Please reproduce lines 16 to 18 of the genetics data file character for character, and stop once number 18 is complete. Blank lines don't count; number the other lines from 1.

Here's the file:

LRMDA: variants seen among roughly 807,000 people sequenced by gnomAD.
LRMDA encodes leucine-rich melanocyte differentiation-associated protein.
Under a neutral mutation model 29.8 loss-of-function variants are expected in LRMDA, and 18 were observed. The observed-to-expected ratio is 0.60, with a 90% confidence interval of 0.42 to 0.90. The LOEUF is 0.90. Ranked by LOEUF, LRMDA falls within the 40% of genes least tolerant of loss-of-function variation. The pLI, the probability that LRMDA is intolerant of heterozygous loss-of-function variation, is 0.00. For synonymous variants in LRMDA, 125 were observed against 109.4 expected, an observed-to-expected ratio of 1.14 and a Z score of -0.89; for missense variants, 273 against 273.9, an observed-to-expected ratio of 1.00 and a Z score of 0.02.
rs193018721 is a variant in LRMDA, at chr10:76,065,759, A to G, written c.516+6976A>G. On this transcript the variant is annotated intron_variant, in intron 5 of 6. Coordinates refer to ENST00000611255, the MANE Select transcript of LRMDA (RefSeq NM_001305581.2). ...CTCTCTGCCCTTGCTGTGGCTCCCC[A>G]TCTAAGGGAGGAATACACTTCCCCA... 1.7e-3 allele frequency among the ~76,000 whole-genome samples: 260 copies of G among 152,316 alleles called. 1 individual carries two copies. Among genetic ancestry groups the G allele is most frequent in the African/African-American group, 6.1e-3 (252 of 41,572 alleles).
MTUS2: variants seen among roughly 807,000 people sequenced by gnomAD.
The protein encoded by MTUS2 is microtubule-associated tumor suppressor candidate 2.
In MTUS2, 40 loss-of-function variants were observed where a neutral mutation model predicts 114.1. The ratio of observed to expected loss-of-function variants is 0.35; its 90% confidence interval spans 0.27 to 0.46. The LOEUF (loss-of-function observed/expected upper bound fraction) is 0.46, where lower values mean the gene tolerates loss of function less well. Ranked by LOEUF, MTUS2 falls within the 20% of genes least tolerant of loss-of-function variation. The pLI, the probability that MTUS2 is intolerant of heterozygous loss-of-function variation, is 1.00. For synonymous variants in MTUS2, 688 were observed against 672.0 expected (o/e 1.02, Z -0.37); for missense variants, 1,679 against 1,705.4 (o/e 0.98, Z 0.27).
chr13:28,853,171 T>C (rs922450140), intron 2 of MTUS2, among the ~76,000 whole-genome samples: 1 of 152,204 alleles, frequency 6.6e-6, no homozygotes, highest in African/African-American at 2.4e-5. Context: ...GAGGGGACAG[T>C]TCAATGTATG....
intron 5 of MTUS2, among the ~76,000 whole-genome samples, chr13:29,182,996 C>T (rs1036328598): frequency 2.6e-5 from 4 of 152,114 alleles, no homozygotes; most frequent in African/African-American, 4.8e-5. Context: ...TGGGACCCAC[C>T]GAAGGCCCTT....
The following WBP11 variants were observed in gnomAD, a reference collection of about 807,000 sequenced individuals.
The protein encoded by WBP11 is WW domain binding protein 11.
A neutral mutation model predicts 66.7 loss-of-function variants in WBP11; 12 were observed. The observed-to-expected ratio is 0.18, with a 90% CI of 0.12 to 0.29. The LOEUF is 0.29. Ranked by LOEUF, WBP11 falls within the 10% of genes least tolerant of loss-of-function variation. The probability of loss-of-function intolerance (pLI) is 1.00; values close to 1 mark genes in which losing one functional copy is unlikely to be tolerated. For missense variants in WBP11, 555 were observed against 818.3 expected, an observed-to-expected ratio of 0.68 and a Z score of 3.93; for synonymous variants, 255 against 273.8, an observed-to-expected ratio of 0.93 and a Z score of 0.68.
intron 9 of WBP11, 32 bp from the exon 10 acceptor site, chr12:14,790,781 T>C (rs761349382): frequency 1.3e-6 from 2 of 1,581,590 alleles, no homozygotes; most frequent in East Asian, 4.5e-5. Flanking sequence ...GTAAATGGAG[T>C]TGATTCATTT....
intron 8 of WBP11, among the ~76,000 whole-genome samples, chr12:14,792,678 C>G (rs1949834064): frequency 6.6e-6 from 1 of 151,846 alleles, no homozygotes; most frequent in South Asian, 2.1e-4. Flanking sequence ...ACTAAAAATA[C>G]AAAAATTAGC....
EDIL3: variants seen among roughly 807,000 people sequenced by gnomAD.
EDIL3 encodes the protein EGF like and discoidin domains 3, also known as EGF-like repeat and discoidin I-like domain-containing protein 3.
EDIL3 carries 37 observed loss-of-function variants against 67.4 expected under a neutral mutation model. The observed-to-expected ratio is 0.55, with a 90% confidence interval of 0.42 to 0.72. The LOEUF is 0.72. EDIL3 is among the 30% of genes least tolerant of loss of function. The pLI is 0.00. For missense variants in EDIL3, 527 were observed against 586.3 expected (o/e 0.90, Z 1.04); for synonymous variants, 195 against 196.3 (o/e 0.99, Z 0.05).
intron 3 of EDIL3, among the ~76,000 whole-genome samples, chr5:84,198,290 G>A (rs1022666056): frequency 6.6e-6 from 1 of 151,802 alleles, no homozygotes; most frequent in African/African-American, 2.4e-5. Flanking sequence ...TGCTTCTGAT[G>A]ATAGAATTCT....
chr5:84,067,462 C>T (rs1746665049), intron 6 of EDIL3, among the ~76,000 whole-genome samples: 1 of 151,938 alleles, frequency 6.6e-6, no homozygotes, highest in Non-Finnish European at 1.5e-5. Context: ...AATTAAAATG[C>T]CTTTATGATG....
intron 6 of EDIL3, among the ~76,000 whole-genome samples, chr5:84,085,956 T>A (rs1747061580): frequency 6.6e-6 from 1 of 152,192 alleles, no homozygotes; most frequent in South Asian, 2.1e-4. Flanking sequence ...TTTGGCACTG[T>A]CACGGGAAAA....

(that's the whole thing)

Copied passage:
EDIL3 encodes the protein EGF like and discoidin domains 3, also known as EGF-like repeat and discoidin I-like domain-containing protein 3.
EDIL3 carries 37 observed loss-of-function variants against 67.4 expected under a neutral mutation model. The observed-to-expected ratio is 0.55, with a 90% confidence interval of 0.42 to 0.72. The LOEUF is 0.72. EDIL3 is among the 30% of genes least tolerant of loss of function. The pLI is 0.00. For missense variants in EDIL3, 527 were observed against 586.3 expected (o/e 0.90, Z 1.04); for synonymous variants, 195 against 196.3 (o/e 0.99, Z 0.05).
intron 3 of EDIL3, among the ~76,000 whole-genome samples, chr5:84,198,290 G>A (rs1022666056): frequency 6.6e-6 from 1 of 151,802 alleles, no homozygotes; most frequent in African/African-American, 2.4e-5. Flanking sequence ...TGCTTCTGAT[G>A]ATAGAATTCT....